On the hardscrabble lower reaches of the mountains overlooking the town of Bashiqa in northern Iraq, Commander Rebawar leans over the sandbags and points to the nearest position of Islamic State fighters a half kilometer or so below. They are dug in — and no doubt watching us.
Two days ago, the jihadists were launching mortars at the 47-year-old commander and his detachment of 20 Iranian Kurdish fighters, five women among them. But regular, pummeling airstrikes by U.S. and Iraqi warplanes appear to have stopped the skirmishing. On this damp, chilly morning, the quiet of the front line is broken only by the occasional roar of passing warplanes and, in the far distance, the crack of small-arms fire.
Bashiqa, 30 kilometers from Mosul, can trace its origins to Assyrian times; the town's name comes from the merger of two Neo-Aramaic words meaning "house of lovers." But there's no love lost between the town's jihadist occupiers and the encircling Kurds, including this Iranian Kurdish detachment.
Rebawar waves his hand and explains: "Bashiqa is totally surrounded — there's nowhere for the jihadists to go. But the problem is that they have planted lots of mines and bombs."
Last week in an offensive here, the Iraqi Kurdish peshmerga fighters suffered high casualties — two Iranian Kurds were also wounded, one now paralyzed by injuries from a sniper's bullet. Commanders are rethinking their assault plans, hoping to reduce casualties.
Much has been written about the growing influence of Iran in Iraq — on the Revolutionary Guards training and equipping of Shi'ite militias and Tehran's sway over the government in Baghdad. But there's another Iranian presence in the war in Iraq, albeit smaller, represented by Iranian Kurdish fighters who have smuggled themselves across Iran's porous borders and joined the Kurdish peshmerga, or fight alongside them in their own units such as Commander Rebawar's detachment from the Revolutionary Khabat Organization of Iranian Kurdistan.
Ethnic Kurds make up nearly 9 percent of Iran's population of 80 million people, and Iran has fought for years against a variety of Kurdish groups seeking regional autonomy. Clashes along the Iran-Iraq border have increased in recent months between Kurdish groups and Iran's Islamic Revolutionary Guards.
In September, two days of fighting left 10 Iranian soldiers dead or injured. Hundreds of Iranian Kurds are thought to be fighting both in northern Iraq and Syria now, although numbers are difficult to verify.
Twenty fighters from Khabat (Kurdish for "struggle") are present here on the Bashiqa front line — fighters are rotated in and out, serving a week and then resting for a week. Khabat has about a thousand fighters in all, and most of them now are in Iraq. Rebawar and his fighters see nothing odd about this.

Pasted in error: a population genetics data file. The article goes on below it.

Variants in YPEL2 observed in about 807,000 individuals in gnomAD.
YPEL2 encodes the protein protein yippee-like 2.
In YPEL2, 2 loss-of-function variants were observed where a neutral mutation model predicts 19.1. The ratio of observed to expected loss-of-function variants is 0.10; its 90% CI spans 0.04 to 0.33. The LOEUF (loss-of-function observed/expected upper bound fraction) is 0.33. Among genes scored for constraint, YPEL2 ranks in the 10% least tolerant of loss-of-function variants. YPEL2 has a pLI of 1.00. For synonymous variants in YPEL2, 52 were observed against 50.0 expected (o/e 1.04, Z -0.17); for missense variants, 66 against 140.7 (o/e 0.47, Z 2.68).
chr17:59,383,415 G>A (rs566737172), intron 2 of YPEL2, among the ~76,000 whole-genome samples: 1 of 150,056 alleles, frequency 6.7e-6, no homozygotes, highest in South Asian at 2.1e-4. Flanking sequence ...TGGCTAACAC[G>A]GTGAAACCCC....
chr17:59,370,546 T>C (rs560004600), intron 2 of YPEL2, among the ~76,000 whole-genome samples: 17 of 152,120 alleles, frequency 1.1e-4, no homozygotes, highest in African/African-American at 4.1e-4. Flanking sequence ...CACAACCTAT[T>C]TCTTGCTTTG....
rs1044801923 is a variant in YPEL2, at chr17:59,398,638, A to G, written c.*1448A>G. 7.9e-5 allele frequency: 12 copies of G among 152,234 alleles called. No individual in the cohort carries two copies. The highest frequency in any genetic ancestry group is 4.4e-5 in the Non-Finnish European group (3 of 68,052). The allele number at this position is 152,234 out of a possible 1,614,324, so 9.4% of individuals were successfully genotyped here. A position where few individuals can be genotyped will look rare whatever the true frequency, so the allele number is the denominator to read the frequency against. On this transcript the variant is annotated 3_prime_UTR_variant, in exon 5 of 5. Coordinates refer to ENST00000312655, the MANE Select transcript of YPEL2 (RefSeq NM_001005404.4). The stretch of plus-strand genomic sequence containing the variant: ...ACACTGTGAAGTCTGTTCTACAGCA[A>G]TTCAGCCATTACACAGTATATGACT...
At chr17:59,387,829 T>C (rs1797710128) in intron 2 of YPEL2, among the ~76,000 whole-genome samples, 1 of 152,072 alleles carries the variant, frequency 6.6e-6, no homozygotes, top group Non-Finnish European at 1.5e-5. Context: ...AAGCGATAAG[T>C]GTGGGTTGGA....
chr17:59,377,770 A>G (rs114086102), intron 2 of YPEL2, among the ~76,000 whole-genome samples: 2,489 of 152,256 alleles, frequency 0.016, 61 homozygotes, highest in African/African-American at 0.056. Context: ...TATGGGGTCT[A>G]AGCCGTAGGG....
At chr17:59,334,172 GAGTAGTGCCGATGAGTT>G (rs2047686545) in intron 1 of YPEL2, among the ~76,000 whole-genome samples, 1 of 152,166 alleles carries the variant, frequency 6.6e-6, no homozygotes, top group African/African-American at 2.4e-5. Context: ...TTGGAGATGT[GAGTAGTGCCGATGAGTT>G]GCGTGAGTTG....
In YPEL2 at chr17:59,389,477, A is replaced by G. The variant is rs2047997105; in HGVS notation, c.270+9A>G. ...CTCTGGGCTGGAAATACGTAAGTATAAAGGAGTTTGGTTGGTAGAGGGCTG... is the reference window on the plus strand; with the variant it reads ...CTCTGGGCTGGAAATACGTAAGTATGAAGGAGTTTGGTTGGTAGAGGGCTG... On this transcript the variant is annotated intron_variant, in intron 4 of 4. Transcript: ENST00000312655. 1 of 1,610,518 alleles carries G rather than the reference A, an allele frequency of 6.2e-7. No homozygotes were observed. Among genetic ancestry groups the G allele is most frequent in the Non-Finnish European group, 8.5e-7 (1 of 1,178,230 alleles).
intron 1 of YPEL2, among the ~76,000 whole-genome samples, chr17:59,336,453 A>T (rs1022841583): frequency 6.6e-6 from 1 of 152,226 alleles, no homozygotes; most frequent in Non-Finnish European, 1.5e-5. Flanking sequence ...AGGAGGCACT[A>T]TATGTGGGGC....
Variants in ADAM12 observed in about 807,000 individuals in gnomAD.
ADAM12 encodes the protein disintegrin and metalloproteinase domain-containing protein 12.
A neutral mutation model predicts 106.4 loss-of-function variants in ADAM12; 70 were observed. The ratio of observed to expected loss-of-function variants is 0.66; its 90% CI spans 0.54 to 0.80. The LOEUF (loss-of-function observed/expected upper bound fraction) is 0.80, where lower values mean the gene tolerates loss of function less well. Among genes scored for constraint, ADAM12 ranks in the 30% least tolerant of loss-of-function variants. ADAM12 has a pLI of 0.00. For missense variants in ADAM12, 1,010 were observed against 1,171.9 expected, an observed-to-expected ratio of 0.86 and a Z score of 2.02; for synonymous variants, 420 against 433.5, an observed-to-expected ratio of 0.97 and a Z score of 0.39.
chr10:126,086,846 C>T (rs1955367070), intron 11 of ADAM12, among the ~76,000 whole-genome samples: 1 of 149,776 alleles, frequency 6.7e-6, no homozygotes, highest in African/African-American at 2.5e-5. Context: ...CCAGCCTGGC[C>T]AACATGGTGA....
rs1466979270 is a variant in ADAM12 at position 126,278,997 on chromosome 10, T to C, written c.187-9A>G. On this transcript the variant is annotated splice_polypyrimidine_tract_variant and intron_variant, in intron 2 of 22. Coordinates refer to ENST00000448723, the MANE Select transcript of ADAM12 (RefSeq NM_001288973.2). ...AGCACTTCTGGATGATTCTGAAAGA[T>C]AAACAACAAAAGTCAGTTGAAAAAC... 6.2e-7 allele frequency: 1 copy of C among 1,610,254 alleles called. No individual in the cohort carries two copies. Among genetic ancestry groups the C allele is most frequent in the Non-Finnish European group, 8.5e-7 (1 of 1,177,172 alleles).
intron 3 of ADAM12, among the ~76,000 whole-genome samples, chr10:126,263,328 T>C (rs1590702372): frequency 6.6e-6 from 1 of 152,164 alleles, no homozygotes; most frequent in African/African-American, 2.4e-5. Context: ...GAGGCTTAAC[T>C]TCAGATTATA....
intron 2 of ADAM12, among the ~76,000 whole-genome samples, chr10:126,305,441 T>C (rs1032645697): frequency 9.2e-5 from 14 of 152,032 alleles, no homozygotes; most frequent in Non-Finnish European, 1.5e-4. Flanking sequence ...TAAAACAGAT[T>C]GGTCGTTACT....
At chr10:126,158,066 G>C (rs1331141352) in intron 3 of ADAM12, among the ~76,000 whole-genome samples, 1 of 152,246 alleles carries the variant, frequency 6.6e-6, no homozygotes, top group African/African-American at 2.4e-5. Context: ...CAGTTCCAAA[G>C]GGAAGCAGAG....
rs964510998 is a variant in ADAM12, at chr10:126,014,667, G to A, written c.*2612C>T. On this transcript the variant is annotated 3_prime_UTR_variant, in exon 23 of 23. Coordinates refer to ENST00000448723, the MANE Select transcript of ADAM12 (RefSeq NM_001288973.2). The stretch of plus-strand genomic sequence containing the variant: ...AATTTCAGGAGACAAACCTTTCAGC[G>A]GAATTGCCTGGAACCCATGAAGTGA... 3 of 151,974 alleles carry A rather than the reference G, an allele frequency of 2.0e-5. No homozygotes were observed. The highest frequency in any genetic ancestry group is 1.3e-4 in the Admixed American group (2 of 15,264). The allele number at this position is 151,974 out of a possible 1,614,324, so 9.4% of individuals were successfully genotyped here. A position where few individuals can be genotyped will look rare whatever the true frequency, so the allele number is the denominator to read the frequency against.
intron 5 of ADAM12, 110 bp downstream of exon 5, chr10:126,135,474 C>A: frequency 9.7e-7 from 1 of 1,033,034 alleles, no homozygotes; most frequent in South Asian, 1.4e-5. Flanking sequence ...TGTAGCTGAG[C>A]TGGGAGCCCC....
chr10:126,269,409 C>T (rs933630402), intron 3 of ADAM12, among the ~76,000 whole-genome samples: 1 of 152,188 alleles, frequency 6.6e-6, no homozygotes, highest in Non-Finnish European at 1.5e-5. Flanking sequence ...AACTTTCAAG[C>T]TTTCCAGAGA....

"There is one Kurdistan," he says as the sun breaks through. "Our enemies divided us between four countries, but we want to be united. We are nationalists and want one democratic Kurdistan."
Rebawar fought in the 1980s for Kurdish independence but in the 1990s fled with his family to Sweden, where he became a beekeeper and driving instructor.
"I had 20 hives," he says. "Sweden is a beautiful country." He sighs. The rise of the Islamic State terror group, which he refers to as Daesh, brought him back to the front lines.
He worries about the growing power of Iran and what that will mean for Kurds.
"Tehran's influence on the Iraqi state and the Shi'ite militias and the Iraqi army is strong. We hope the United States and the West, who smile on us and say they are friends, will remain so after the fight against Daesh, or we fear something very bad could happen here coming from the Shi'ite militias," says Rebawar, an energetic, compact man, balding and mustachioed.
His unit has seen some fierce action. Their role in the Mosul offensive nearly came to a quick and bloody end last month when a jihadist suicide bomber detonated a Ford SUV packed with explosives 60 meters from them. The blast killed 17 Iraqi Kurdish peshmerga. Kani, a 30-year-old from Mahabad, Iran, who sports a crewcut, says it was a shock.
"All I could do was to duck down and wait for the blast and debris to pass over me," she explains.
Kani says her family was supportive of her decision to join Khatab. She laughs, as do the other female fighters, when asked if they are treated as equals of the men in the detachment. They are among the few women in combat among Kurdish groups in northern Iraq — unlike in northern Syria.
"We have to be better than the men to prove ourselves," says Aween, 29.
Aween is from the Turkic Azeri ethnic group but says she fights for Kurdistan because it is inclusive of minorities. A fighter for four years, she says her parents were unhappy with her decision to enlist with Khatab. Her face clouds when she explains she's divorced and that her ex-husband doesn't allow any communication between her and her 10-year-old son.
Rebawar agrees the women are the most determined of his detachment and clamor to take on the toughest roles, to be stronger and braver than the men.
The women say they are driven by their hatred for the Islamic State group. They see themselves as punishing the jihadists for their abuse and enslavement of women.
Masuma, a dark-haired 28-year-old whose brother is also in the unit, says, "I joined to fight Daesh."